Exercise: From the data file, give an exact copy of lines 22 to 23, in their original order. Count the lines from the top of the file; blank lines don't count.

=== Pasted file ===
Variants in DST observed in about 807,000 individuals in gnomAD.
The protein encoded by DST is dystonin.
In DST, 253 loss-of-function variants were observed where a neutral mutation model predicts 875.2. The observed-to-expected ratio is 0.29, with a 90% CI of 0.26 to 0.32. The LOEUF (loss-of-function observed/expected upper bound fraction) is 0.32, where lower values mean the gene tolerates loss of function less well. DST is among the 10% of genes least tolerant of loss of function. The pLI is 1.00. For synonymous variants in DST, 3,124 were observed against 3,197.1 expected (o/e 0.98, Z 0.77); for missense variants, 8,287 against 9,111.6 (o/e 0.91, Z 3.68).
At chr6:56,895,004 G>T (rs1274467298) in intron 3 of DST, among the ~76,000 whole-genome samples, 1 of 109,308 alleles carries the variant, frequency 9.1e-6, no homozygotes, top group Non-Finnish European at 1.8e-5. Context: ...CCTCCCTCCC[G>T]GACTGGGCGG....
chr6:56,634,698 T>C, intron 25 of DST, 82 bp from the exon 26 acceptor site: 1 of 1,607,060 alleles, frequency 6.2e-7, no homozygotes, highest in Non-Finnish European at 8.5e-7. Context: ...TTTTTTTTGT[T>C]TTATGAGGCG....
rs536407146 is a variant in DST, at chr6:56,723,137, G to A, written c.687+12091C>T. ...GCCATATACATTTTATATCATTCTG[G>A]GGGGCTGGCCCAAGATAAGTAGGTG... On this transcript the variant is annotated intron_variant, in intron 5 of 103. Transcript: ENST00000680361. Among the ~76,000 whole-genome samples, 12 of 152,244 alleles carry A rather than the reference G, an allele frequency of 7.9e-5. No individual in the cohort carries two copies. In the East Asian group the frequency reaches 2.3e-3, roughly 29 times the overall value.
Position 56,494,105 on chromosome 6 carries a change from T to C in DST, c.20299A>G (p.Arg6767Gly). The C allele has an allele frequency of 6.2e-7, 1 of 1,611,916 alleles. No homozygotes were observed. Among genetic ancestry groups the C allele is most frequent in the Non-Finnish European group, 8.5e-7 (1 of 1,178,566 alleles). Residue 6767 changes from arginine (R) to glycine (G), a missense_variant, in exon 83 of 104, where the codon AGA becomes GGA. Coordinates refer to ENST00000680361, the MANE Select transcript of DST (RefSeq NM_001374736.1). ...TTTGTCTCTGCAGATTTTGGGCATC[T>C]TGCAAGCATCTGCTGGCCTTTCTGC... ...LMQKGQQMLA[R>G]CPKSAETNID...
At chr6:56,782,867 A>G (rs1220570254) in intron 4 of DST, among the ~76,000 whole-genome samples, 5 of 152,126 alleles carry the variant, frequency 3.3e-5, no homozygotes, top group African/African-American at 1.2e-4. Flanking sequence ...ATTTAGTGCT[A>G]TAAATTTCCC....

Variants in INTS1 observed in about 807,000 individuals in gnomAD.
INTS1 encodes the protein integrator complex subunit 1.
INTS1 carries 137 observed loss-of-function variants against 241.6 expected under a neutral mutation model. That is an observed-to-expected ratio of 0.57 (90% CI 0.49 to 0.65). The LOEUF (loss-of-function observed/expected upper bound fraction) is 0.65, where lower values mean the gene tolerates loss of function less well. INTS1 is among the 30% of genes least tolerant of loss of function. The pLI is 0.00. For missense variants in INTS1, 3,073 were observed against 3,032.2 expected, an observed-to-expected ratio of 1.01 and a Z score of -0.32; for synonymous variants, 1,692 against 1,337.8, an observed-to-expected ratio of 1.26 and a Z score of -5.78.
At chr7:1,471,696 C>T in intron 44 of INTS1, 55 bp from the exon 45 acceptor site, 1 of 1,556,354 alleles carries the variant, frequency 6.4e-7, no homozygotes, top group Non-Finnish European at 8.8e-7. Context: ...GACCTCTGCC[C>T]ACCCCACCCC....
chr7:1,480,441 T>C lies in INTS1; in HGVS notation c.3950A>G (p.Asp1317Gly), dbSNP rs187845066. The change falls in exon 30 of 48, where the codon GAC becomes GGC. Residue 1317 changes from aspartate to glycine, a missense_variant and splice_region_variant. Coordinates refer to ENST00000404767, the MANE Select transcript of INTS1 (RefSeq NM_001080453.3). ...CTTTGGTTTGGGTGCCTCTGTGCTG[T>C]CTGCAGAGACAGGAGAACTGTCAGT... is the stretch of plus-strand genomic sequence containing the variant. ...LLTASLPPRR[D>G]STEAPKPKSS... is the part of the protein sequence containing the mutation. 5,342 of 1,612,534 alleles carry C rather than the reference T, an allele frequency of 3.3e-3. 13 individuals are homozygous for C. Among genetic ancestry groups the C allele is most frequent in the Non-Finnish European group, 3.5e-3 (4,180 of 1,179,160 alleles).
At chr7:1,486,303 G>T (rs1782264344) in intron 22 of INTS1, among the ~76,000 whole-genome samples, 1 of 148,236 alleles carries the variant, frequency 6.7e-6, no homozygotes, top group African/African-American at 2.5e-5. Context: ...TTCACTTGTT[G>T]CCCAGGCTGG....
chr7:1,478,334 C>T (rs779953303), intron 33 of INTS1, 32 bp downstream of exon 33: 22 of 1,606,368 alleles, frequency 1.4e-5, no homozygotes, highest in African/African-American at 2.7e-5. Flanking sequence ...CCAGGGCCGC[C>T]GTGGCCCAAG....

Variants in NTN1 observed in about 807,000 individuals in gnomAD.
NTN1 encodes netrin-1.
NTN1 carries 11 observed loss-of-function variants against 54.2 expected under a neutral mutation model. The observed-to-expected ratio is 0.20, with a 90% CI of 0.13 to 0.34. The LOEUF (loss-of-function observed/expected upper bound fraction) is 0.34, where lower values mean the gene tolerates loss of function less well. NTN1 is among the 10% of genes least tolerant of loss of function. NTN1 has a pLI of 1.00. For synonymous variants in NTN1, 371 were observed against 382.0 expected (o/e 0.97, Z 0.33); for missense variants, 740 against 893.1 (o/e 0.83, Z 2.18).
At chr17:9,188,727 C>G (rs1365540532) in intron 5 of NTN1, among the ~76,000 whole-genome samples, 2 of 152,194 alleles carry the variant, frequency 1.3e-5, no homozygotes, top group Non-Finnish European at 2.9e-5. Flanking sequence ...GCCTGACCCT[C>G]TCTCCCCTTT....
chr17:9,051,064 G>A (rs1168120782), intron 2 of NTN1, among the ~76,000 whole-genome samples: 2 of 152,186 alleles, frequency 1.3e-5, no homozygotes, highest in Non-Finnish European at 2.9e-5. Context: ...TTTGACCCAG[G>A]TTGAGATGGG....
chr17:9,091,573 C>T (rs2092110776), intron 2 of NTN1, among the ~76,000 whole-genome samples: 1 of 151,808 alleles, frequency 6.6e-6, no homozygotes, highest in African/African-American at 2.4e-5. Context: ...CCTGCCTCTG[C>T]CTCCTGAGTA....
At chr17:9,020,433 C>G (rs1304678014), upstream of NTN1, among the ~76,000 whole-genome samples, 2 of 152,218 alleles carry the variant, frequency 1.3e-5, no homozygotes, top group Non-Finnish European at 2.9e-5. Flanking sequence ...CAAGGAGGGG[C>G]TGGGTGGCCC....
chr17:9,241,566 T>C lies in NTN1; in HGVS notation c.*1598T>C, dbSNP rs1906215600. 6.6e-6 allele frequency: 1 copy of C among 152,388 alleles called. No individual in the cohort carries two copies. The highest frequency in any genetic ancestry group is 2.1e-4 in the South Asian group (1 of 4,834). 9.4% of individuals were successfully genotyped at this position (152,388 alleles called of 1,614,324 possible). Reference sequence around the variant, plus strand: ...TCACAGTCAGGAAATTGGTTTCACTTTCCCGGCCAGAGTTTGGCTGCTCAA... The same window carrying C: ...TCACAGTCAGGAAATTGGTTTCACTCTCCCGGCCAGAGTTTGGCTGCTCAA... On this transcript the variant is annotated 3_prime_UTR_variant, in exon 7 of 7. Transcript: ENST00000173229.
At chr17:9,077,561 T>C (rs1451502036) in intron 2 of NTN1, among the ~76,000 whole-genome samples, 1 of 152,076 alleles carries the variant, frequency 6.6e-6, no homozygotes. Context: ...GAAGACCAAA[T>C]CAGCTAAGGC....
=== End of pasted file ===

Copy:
At chr17:9,020,433 C>G (rs1304678014), upstream of NTN1, among the ~76,000 whole-genome samples, 2 of 152,218 alleles carry the variant, frequency 1.3e-5, no homozygotes, top group Non-Finnish European at 2.9e-5. Flanking sequence ...CAAGGAGGGG[C>G]TGGGTGGCCC....
chr17:9,241,566 T>C lies in NTN1; in HGVS notation c.*1598T>C, dbSNP rs1906215600. 6.6e-6 allele frequency: 1 copy of C among 152,388 alleles called. No individual in the cohort carries two copies. The highest frequency in any genetic ancestry group is 2.1e-4 in the South Asian group (1 of 4,834). 9.4% of individuals were successfully genotyped at this position (152,388 alleles called of 1,614,324 possible). Reference sequence around the variant, plus strand: ...TCACAGTCAGGAAATTGGTTTCACTTTCCCGGCCAGAGTTTGGCTGCTCAA... The same window carrying C: ...TCACAGTCAGGAAATTGGTTTCACTCTCCCGGCCAGAGTTTGGCTGCTCAA... On this transcript the variant is annotated 3_prime_UTR_variant, in exon 7 of 7. Transcript: ENST00000173229.